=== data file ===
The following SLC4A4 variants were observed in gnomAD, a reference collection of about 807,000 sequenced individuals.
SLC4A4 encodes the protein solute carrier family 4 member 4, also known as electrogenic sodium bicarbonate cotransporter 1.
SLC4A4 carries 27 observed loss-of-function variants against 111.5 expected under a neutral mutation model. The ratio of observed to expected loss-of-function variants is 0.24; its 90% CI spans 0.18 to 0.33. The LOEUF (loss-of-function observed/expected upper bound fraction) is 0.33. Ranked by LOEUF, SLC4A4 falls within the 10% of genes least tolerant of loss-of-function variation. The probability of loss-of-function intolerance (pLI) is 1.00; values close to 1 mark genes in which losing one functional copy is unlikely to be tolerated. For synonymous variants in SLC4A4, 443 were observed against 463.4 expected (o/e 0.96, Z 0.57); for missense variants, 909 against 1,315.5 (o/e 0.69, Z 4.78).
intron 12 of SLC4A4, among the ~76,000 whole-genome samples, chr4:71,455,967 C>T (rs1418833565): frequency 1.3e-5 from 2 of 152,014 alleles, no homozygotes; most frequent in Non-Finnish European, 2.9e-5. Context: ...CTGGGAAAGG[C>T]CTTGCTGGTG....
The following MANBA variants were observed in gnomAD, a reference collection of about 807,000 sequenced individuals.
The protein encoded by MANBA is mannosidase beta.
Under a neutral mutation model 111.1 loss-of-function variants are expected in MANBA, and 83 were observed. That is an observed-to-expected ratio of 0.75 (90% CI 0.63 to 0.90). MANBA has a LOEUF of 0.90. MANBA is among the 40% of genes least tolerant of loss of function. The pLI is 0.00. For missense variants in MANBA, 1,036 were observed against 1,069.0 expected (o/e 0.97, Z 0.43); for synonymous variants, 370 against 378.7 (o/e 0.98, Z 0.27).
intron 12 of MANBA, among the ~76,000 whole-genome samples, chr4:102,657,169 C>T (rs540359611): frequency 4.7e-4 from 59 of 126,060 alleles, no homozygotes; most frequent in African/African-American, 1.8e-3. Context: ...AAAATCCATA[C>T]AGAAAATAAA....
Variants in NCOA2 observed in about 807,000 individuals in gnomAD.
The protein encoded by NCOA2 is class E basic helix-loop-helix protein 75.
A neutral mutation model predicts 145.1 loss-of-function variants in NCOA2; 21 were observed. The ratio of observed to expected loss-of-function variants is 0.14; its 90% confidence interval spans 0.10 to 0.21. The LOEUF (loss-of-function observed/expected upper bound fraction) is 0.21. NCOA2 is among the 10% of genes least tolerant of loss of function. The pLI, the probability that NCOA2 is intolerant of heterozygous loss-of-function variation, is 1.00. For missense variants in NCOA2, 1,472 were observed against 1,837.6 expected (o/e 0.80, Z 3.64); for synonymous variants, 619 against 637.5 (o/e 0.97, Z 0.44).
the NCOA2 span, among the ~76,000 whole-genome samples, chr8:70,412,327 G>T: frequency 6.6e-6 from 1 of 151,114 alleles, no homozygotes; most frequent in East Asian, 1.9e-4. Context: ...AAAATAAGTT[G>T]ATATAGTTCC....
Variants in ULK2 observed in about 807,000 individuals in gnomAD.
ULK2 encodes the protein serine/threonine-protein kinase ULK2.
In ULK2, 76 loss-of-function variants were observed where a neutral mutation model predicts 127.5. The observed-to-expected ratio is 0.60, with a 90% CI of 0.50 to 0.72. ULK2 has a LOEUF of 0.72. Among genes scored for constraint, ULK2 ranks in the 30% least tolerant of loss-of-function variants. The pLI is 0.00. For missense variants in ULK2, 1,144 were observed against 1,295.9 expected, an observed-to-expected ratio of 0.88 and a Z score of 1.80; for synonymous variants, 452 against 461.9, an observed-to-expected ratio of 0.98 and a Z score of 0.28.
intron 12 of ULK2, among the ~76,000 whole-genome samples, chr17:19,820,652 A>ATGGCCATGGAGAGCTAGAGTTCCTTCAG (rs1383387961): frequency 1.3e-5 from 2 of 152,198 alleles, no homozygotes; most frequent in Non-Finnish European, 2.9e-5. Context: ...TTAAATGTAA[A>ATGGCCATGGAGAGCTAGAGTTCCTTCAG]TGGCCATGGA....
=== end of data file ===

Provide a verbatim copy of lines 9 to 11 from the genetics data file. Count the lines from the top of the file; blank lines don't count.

Variants in NCOA2 observed in about 807,000 individuals in gnomAD.
The protein encoded by NCOA2 is class E basic helix-loop-helix protein 75.
A neutral mutation model predicts 145.1 loss-of-function variants in NCOA2; 21 were observed. The ratio of observed to expected loss-of-function variants is 0.14; its 90% confidence interval spans 0.10 to 0.21. The LOEUF (loss-of-function observed/expected upper bound fraction) is 0.21. NCOA2 is among the 10% of genes least tolerant of loss of function. The pLI, the probability that NCOA2 is intolerant of heterozygous loss-of-function variation, is 1.00. For missense variants in NCOA2, 1,472 were observed against 1,837.6 expected (o/e 0.80, Z 3.64); for synonymous variants, 619 against 637.5 (o/e 0.97, Z 0.44).